Health Kick was a randomized control trial school-based nutrition and physical activity intervention programme
for the prevention of non-communicable diseases (NCDs) which took place in disadvantaged primary schools in South Africa
over four years. This paper reports on the impact of the intervention on the dietary adequacy of learners after 18 months of
Sixteen primary schools were selected from a total of 232 and randomly allocated to intervention (n=8) and control
schools (n=8). At baseline (February, 2009), 613 learners were selected and 784 at follow-up (October, 2010). The school
intervention comprised an action planning process with provision of a curriculum, manuals, and resource toolkit for educators.
At 18 months learner?s nutrition knowledge, attitudes and behaviour, dietary intake and anthropometric measurements (height
and weight) were assessed. The data were used to generate a dietary diversity score (DDS), and meal score. Dietary adequacy was
defined as having a DDS ≥4. Multiple correspondence analyses were used to develop a score for nutrition knowledge and self-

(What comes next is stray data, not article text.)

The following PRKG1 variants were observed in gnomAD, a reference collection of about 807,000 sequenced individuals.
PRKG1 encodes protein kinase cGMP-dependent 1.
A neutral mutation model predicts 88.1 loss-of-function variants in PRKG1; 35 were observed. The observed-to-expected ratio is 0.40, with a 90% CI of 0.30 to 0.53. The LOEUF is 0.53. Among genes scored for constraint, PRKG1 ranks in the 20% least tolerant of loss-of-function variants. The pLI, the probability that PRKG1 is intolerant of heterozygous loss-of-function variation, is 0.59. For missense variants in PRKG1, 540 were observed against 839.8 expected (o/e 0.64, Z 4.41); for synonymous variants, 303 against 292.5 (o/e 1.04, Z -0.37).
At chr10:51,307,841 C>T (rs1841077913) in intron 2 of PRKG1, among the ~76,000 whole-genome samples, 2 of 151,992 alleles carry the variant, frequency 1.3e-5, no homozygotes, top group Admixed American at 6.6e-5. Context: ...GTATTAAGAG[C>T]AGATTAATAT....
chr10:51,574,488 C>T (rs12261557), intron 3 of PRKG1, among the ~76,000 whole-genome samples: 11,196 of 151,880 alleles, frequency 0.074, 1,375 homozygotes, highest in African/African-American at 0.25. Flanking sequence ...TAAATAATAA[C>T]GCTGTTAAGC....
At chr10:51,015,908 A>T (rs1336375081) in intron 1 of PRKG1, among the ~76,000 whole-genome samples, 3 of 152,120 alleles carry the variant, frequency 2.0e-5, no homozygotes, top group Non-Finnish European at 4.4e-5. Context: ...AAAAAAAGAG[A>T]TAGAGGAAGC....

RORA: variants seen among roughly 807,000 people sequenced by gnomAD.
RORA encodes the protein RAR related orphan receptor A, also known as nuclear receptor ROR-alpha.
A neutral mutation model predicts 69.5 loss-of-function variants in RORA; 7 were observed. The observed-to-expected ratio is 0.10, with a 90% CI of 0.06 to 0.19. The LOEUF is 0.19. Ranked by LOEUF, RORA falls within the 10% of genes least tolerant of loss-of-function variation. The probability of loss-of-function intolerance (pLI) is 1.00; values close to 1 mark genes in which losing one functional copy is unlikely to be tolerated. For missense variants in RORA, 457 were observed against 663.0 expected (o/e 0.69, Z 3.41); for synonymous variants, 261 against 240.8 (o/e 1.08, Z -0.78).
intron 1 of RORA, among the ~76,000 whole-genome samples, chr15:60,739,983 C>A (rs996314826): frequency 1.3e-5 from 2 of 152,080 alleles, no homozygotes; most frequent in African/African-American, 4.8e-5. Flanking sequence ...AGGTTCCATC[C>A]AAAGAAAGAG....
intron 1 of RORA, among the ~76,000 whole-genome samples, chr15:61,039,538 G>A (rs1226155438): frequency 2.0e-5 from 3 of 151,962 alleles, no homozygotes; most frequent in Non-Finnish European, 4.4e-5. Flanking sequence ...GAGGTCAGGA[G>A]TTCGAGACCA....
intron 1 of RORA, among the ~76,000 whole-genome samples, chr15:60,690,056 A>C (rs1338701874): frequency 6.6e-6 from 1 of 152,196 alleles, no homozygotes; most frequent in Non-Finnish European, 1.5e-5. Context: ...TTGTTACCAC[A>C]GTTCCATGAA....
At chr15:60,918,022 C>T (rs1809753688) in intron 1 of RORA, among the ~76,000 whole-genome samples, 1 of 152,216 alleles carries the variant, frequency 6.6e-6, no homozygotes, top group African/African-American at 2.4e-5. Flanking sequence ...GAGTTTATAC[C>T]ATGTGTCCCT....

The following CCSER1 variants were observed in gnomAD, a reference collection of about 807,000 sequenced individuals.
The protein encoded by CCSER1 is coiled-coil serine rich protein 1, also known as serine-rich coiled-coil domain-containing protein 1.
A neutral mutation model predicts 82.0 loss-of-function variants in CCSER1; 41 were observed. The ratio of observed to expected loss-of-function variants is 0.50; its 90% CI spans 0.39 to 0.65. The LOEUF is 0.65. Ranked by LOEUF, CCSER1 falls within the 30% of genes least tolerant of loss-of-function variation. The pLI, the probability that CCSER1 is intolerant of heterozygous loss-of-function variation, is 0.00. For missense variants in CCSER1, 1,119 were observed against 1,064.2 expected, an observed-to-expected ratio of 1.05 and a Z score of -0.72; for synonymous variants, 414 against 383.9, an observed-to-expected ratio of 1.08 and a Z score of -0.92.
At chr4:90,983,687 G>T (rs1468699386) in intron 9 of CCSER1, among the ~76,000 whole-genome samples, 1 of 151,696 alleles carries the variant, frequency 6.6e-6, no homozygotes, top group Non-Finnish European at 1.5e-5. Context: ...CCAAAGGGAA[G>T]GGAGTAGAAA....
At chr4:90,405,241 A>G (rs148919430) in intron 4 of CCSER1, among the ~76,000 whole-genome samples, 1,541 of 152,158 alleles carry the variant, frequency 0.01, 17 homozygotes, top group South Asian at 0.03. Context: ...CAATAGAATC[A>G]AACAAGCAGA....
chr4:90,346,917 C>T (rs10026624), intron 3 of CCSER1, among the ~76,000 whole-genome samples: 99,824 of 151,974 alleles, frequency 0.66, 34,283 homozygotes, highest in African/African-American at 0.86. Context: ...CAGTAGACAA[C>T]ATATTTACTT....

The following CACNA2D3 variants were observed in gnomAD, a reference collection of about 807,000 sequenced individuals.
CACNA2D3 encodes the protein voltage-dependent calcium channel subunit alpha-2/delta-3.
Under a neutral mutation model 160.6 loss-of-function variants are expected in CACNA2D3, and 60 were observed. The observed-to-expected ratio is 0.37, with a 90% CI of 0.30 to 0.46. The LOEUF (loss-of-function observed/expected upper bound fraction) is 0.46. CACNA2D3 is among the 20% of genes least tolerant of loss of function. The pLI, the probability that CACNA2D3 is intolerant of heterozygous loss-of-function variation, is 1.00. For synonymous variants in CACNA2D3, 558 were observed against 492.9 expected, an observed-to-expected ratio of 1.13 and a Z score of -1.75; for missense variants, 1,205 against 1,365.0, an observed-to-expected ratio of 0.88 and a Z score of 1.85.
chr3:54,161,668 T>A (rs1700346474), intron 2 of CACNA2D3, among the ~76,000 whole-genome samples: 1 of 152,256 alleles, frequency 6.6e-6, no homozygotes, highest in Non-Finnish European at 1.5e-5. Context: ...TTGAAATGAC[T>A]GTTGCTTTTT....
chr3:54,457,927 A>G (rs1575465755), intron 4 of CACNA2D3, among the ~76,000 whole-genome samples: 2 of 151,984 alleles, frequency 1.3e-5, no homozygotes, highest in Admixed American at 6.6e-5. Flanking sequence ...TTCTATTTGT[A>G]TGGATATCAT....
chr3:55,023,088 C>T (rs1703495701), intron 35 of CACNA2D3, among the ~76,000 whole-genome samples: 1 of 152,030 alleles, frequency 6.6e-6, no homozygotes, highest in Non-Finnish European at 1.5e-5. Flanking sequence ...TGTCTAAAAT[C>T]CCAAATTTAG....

efficacy. The determinants of dietary adequacy were identified using multiple logistic regression analysis.
At baseline, the intervention schools had a higher median knowledge score (2.27 vs. 1.83), than the control schools.
Follow-up at the intervention schools showed a decrease in median scores for knowledge (2.27 to 2.04), self-efficacy (2.68 to
2.44), BMI z-scores (2.75 to 2.21), an increase in the percentage of learners eating school food shop purchases (44.3% to 52.9%);
and having an adequate diet (77.1% to 88.8%). Follow-up at the control schools found an increase in the percentage learners
eating food shop purchases (48.7% to 64.9%) and having an adequate diet (77.2% to 86.9%). Multivariate analysis found that the
predictors of dietary adequacy were meal score, having a school feeding programme, urban area and male gender.
Although positive behaviour changes were seen, the percentage learners having an adequate diet increased in
both the intervention and control schools. Dietary adequacy appeared to be largely reliant on socio-economic determinants.
Successful interventions in low income settings need to take into account that schools have many serious immediate priorities
which rate higher than education on NCDs.
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